During the years preceding World War II there were two choices on offer to those who wished to travel by air. There were fixed-wing, propeller-driven aircraft, and there were airships. Given that the former were primitive by modern standards, being noisy, cramped and uncomfortable, not to mention dangerous, it is understandable that people who could afford to travel long distances by air were attracted to the much greater comfort offered by airships, although safety was still an issue.
Airships and zeppelins
The rigid-framed airship was the invention of Count Ferdinand von Zeppelin, an aristocratic German general who, in 1895, patented a design for a cigar-shaped balloon, filled with hydrogen gas, to which engines and a cabin could be attached, thus making it far more manoeuvrable than standard balloons that could only go where the wind blew them. Not surprisingly, the rigid airship became known as the zeppelin.
During World War I, Germany used zeppelins as weapons of war, mainly for reconnaissance but also for carrying out bombing raids on London, but after the war the zeppelin was developed as a means of luxury travel. It was American interest that was mainly responsible for this, with orders being placed for bigger and better airships to fly across the Atlantic and beyond.
Passenger services between the United States and Europe began in 1930, with the vast “Graf Zeppelin” airship taking pride of place. This was 776 feet long and was capable of flying anywhere. However, in 1931 an order was placed for an airship that would be even bigger and more luxurious. This was the “LZ 129 Hindenburg”, which entered service in 1936.
This was the age of the great ocean liners that transported the rich and famous in considerable luxury from one side of the “Pond” to the other, but even the fastest liners took the best part of a week, or even longer, to do so. There was therefore a market for a means of transportation that was just as luxurious but faster, even though a modern traveller would not consider four days for a journey from Germany to New Jersey to be particularly rapid.
The Hindenburg was massive, being more than 800 feet long and 130 feet in diameter. In size it was nearly as big as that other ill-fated transatlantic voyager, RMS Titanic. The cabin that was slung beneath the gas balloon (which consisted of 16 separate cells) could carry up to 72 passengers and had a crew of around 50. There was a lounge in which entertainment was provided at a grand piano, a promenade deck, a dining room, a smoking room, and sleeping accommodation in two-bunk berths that resembled sleeping compartments on long-distance rail trains. The whole thing was powered by four huge diesel engines.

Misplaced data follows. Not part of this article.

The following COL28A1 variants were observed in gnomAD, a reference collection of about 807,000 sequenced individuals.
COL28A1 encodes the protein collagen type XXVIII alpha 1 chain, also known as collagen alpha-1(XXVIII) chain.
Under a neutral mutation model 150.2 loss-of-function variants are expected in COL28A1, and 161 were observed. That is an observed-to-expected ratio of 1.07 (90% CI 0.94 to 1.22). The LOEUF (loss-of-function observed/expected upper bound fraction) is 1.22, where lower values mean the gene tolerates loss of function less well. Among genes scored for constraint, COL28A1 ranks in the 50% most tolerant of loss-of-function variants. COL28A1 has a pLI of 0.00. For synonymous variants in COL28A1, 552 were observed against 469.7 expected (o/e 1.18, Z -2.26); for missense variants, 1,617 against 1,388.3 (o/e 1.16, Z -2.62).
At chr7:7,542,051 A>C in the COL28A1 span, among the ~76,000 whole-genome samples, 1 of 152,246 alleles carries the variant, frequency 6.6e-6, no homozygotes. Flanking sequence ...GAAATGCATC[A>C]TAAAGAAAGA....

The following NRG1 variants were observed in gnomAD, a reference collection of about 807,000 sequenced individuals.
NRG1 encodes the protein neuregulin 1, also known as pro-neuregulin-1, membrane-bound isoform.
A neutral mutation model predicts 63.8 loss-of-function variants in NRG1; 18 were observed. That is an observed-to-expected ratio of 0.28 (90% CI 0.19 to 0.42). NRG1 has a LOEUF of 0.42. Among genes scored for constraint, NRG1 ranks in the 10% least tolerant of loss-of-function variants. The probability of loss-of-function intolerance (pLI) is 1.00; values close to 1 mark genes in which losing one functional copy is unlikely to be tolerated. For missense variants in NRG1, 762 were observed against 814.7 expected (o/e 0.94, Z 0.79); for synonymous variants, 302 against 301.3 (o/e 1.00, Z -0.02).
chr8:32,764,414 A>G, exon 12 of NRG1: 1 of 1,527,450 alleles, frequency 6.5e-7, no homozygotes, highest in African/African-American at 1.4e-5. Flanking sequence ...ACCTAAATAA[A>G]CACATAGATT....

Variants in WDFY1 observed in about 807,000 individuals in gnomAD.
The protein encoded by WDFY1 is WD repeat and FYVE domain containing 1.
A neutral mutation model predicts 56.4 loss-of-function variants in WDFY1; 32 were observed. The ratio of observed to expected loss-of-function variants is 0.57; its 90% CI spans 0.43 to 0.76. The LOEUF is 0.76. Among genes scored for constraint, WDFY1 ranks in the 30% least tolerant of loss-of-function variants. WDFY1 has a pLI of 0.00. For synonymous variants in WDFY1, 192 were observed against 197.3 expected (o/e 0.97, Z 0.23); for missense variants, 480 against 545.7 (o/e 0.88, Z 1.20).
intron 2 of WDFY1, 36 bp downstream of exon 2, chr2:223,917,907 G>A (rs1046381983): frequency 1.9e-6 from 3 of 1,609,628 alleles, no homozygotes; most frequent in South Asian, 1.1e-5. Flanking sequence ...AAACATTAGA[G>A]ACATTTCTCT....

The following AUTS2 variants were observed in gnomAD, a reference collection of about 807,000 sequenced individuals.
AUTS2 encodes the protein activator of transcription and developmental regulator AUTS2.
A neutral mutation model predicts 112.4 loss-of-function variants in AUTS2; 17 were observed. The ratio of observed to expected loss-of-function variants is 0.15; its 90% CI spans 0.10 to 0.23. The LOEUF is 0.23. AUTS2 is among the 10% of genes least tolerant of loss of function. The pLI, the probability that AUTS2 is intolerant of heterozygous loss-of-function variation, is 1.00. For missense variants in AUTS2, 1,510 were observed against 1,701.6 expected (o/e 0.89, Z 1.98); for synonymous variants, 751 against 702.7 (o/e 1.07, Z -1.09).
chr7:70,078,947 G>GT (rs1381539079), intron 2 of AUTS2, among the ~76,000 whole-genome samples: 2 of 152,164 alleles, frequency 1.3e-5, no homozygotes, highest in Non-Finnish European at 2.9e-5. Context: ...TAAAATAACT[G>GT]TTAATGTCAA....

The one great drawback for the Hindenburg was that the gas used to fill the balloon was hydrogen and not helium, either of which would have given the required lighter-than-air lift. The United States was the only country in the world that could supply helium gas in sufficient quantities, and, since the rise to power of the Nazis in 1933, such supplies were off-limits to the Hindenburg’s German owners. Instead of travelling thousands of miles slung beneath an enormous bag of inert helium gas, the passengers had no choice but to trust their safety to a similar quantity of highly inflammable hydrogen.
The end of the Hindenburg and travel by airship
The flight that arrived on May 6th, 1937, at Lakehurst airfield, New Jersey, was the victim of this arrangement. As the airship reached the mast to which it was to be moored before the passengers disembarked, something caused the hydrogen gas to ignite. The fire ripped through the gas envelope from rear to front in just over half a minute, causing the passenger cabin to fall to the ground.
Although the disaster killed 35 of the 97 people on board (there was also a casualty among the ground crew), it is noticeable that the majority survived. This was largely because the blaze was very rapid and the flames soared skywards, so that the passenger accommodation was not touched. As the aircraft broke free from its mooring, the as yet unburned gas still provided enough lift during that short time for the fall to the ground to be relatively gentle, thus making the impact survivable for most of those on board.
The cause of the fire has never been conclusively determined, but the arrival of the Hindenburg coincided with an electrical storm, and it possible that the highly charged atmosphere at the time caused a spark within the metal framework of the airship which would have been enough to ignite the vast quantity of hydrogen gas.
This was a very public disaster because this particular landing was filmed and a radio commentator gave a live broadcast of the event. The dramatic scene therefore became the subject of newsreels that were seen all across America and Europe, as were the still photographs that were splashed across the front pages of newspapers across the world.
There had been other airship disasters in the past. The loss of the British R101 in 1930, which crashed in France with the loss of 48 lives, had put an end to British interest in airships as a mode of international travel. The United States now followed suit given that the inherent dangers of massive airships had become apparent to everyone.
The world would soon be at war, during which time civilian air transport ceased to be a priority for most nations. When the war ended, the development of fixed-wing passenger aircraft made massive strides, especially when jet engines became generally available, so the era of airships such as the Hindenburg could be allowed to slip into history without many regrets.
© John Welford